We will use these questions to analyze the students’ attitudes/beliefs about physical activity and how they think it relates to their mood. With the detailed questions we are asking we will be able to make a correlation between stress levels and exercise. We anticipate to see those who exercise regularly have lower stress levels than those who do not exercise regularly. Conclusion
Looking at several research studies done previously on this topic of interest indicates that stress can be related to physical activity and most certainly can affect a college student’s mental health.
Our research will look more into the stress of college students and will be able to compare the year of the student in which they are enrolled in, to how much physical exercise they participate in, to how much stress they are feeling. Obtaining this research is necessary because it will be helpful for college students. It is important for college students to be able to identify their stress properly and know how to cope with it so their mental health is not at risk of decreasing. Even though our research will be taking place at California State University, Fullerton, it will be beneficial for all college students.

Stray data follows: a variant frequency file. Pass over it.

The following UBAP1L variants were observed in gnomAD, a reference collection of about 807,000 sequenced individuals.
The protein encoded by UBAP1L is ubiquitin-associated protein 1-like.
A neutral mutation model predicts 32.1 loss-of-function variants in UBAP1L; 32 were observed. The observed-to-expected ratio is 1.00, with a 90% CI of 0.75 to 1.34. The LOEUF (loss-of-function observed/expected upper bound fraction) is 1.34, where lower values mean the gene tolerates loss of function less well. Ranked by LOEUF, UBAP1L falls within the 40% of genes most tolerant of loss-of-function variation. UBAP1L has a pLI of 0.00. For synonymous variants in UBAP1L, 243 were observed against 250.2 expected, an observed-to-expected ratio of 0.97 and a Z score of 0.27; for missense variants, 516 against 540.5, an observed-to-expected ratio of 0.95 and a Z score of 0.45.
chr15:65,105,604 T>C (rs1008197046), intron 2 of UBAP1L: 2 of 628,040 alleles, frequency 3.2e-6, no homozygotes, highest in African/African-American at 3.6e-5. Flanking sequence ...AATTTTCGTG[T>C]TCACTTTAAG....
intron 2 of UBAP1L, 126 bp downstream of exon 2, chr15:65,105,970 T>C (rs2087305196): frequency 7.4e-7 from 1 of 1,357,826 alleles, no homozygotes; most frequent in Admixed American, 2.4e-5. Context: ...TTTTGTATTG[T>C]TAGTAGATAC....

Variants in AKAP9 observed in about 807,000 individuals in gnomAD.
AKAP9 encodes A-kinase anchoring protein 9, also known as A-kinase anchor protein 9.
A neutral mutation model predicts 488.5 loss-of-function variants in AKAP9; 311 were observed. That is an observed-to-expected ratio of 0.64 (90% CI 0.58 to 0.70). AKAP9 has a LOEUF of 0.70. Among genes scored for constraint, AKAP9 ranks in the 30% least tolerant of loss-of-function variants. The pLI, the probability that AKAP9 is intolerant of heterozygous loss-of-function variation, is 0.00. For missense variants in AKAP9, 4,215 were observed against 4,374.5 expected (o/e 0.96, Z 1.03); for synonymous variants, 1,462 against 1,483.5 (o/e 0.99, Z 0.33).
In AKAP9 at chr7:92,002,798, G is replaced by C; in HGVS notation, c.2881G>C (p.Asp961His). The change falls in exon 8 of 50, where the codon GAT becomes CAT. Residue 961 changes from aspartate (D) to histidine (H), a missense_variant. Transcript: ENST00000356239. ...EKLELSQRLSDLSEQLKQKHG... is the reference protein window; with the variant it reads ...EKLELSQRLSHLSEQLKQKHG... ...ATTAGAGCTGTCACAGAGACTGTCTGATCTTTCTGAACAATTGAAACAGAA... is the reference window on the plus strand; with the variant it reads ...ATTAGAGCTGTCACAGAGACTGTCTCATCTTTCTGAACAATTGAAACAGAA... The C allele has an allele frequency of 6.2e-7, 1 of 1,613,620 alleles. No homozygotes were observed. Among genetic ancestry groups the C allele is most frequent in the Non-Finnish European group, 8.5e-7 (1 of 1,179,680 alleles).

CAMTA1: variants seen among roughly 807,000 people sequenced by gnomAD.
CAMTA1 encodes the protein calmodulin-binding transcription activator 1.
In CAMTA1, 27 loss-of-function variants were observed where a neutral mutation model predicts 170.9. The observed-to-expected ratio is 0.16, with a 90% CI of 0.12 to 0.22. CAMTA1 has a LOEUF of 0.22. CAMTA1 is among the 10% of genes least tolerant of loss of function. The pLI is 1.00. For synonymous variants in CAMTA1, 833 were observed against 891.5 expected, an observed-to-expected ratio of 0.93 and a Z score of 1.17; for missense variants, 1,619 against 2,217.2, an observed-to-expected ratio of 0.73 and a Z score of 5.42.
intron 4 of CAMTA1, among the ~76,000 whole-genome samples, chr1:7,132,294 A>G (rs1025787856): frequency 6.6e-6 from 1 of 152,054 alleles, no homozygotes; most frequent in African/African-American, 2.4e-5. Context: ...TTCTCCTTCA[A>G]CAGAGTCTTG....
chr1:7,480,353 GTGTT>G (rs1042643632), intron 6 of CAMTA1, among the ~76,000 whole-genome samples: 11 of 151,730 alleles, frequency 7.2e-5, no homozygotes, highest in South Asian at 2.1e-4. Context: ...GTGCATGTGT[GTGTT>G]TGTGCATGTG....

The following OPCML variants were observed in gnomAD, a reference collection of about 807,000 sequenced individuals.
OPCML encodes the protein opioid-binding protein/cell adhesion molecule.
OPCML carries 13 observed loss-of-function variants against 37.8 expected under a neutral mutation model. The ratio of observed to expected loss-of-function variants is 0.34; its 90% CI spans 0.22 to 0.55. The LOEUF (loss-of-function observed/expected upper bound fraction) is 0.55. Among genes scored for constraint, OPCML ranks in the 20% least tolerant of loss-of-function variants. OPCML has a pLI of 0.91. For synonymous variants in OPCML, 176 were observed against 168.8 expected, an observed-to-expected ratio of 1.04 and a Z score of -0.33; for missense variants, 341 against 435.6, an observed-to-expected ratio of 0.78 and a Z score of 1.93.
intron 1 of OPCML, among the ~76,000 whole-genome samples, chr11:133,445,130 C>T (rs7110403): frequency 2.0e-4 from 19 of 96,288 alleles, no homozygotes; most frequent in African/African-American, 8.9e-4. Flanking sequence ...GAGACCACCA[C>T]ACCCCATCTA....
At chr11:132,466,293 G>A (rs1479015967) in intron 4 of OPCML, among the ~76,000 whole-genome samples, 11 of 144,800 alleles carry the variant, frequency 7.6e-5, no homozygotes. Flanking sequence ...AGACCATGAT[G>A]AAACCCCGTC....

American Psychiatric Association (2012). College Students | psychiatry.org. Retrieved from http://www.psychiatry.org/mental-health/people/college-students
Bray, S. R., & Kwan, M. W. (2006). Physical activity is associated with better health and psychological well-Being during transition to university life. Journal Of American College Health, 55(2), 77-82. Buchan, D. S., Ollis, S., Thomas, N. E., & Baker, J. S. (2012). Physical activity behaviour: an overview of current and emergent theoretical practices. Journal of Obesity, 1-11. doi:10.1155/2012/546459
CDC. (2012, aug 12). College Health and Safety http://www.cdc.gov/family/college/Cdc.
Downs, A., & Ashton, J. (2011). Vigorous physical activity, sports participation, and athletic identity: implications for mental and physical health in college students. Journal of Sport Behavior, 34(3), 228-249. Jackson, R., Asimakopoulou, K., & Scammell, A. (2007). Assessment of the transtheoretical model as used by dietitians in promoting physical activity in people with type 2 diabetes. Journal of Human Nutrition and Dietetics. doi:10.1111/j.1365-277X.2007.00746.x National Cancer Institute (2012). Psychological Stress and Cancer – National Cancer Institute. Retrieved from http://www.cancer.gov/cancertopics/factsheet/Risk/stress Rimer, B. K., Glanz, K., & National Cancer Institute (U.S.) (2005). Theory at a glance: A guide for health promotion practice (2nd ed.). Bethesda, MD: U.S. Dept. of Health and Human Services, National Institutes of Health, National Cancer Institute.